COVID-19 and Elementary Astronomy
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Classroom Stories: Electron Transitions in the Atom

By Stacy Palen

Before we all were sent home because of COVID-19, my class completed a short in-class activity that was intended to prepare them for the study of stellar spectra. This activity can also be done by students taking online courses, although the big advantage of doing them in class is that it gives such insight into where students are struggling with the material!

This activity is all about transitions in the atom. I thought it was interesting that many of my students did not know about energy level diagrams (which I didn’t really expect), but I was surprised to learn that a fair percentage of them had never even heard of the Bohr model of the atom.

After listening for a while to the discussion, I was reminded that a fair number of my students are concurrent enrollment; they are actually high school students who are taking this course to fulfill their science credit. We can argue about whether that’s a good idea (I do not think that astronomy is a good substitute for chemistry).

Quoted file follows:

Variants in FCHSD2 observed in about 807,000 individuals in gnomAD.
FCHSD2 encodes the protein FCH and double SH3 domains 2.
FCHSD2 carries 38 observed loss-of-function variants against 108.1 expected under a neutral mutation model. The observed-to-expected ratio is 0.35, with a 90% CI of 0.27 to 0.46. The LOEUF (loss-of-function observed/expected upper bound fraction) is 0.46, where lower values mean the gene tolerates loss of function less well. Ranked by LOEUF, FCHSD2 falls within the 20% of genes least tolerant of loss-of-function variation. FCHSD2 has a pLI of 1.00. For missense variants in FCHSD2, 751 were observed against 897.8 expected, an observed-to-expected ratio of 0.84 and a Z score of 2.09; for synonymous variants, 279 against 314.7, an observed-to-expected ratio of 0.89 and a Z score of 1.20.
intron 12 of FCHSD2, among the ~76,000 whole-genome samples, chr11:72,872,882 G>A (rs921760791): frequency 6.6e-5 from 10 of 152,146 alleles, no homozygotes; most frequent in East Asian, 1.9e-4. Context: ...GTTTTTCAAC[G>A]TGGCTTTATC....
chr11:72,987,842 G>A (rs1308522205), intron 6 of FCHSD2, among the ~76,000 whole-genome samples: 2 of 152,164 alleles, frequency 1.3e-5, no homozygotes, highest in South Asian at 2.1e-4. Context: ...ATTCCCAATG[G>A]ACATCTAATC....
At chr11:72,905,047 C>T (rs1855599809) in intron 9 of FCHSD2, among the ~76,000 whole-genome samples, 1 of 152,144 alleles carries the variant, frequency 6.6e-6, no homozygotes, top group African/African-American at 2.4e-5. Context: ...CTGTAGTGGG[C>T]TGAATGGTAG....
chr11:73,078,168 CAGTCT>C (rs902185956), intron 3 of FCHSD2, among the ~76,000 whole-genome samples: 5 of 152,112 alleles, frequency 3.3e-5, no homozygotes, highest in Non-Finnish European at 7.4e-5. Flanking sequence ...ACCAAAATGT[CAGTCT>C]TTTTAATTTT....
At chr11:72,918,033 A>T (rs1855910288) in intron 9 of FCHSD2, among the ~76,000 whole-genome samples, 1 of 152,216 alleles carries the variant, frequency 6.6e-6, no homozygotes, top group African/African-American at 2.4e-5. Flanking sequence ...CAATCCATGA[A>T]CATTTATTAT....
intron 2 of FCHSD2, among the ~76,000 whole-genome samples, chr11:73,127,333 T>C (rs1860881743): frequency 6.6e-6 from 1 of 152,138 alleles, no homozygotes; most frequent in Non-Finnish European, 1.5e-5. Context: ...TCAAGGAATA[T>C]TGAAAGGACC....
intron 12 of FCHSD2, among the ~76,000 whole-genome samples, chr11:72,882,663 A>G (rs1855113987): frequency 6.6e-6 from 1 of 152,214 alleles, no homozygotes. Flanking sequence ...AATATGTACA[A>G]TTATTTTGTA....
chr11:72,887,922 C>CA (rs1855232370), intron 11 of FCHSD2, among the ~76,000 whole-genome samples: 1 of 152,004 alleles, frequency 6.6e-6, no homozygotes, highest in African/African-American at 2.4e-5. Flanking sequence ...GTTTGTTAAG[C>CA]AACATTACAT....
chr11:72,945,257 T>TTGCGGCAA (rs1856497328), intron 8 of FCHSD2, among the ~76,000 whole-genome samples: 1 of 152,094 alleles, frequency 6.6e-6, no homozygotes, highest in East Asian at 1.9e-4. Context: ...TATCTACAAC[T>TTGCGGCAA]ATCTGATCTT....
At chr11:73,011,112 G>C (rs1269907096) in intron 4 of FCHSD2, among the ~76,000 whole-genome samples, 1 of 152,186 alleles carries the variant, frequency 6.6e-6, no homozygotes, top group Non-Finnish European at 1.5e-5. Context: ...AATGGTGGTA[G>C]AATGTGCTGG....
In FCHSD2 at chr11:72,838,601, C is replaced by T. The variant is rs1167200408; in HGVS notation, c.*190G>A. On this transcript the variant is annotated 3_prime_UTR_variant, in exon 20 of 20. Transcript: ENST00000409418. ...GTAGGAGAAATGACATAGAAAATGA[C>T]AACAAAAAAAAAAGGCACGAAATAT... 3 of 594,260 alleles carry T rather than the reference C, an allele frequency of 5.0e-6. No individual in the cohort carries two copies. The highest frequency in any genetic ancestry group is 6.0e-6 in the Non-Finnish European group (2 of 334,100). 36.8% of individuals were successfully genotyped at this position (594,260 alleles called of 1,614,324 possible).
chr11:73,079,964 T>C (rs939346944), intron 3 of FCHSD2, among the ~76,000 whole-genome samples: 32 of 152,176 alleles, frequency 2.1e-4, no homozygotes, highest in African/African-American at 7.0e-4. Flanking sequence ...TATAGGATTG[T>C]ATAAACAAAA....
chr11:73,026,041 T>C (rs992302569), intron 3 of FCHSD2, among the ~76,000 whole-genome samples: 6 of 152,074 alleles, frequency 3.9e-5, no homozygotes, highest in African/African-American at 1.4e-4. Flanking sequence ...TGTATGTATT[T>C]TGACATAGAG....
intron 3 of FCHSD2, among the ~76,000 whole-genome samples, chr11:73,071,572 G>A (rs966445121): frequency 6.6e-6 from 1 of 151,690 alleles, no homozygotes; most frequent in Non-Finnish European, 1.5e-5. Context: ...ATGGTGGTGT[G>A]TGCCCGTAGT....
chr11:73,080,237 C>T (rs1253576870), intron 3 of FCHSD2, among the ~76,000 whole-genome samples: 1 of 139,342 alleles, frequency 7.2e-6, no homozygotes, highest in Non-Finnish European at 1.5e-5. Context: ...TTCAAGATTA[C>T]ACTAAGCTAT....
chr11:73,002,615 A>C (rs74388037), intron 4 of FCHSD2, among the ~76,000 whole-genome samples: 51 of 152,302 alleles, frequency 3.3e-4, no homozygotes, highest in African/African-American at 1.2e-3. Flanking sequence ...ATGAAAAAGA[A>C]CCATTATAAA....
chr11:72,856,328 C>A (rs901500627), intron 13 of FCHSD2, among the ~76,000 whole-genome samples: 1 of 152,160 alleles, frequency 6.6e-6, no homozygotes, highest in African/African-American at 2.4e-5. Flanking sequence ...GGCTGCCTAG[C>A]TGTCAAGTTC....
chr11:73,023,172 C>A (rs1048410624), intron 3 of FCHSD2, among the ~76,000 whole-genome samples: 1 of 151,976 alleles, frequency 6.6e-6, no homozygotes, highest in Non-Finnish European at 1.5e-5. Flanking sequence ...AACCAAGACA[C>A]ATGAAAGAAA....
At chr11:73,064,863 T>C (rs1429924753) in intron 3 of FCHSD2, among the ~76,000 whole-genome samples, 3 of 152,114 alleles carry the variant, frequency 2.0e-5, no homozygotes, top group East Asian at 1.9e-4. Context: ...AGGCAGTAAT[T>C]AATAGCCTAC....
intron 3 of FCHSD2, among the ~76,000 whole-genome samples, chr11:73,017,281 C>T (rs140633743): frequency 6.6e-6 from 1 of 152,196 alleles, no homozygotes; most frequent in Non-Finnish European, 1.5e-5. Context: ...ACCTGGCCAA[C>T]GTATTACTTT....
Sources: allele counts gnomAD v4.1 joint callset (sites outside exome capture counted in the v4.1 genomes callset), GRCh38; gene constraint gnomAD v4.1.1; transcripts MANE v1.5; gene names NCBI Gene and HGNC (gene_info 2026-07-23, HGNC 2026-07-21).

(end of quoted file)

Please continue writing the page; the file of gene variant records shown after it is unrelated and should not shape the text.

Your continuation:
The fact remains that they are taking my course and I need to teach them about a subject that is completely foreign to them.

This activity introduces the concept of electron energy levels, emission, and absorption. I struggled a bit here to introduce the idea that in order to make an upward transition, the electron has to get energy from somewhere, and therefore the “rest of space” will have less energy in it. I didn’t want to introduce Kirchoff’s laws yet, and they hadn’t yet seen an absorption spectrum. But they got the point, despite my unhappiness with the imprecise language I used.

Click here to access the activity for yourself and let me know how it works for you!


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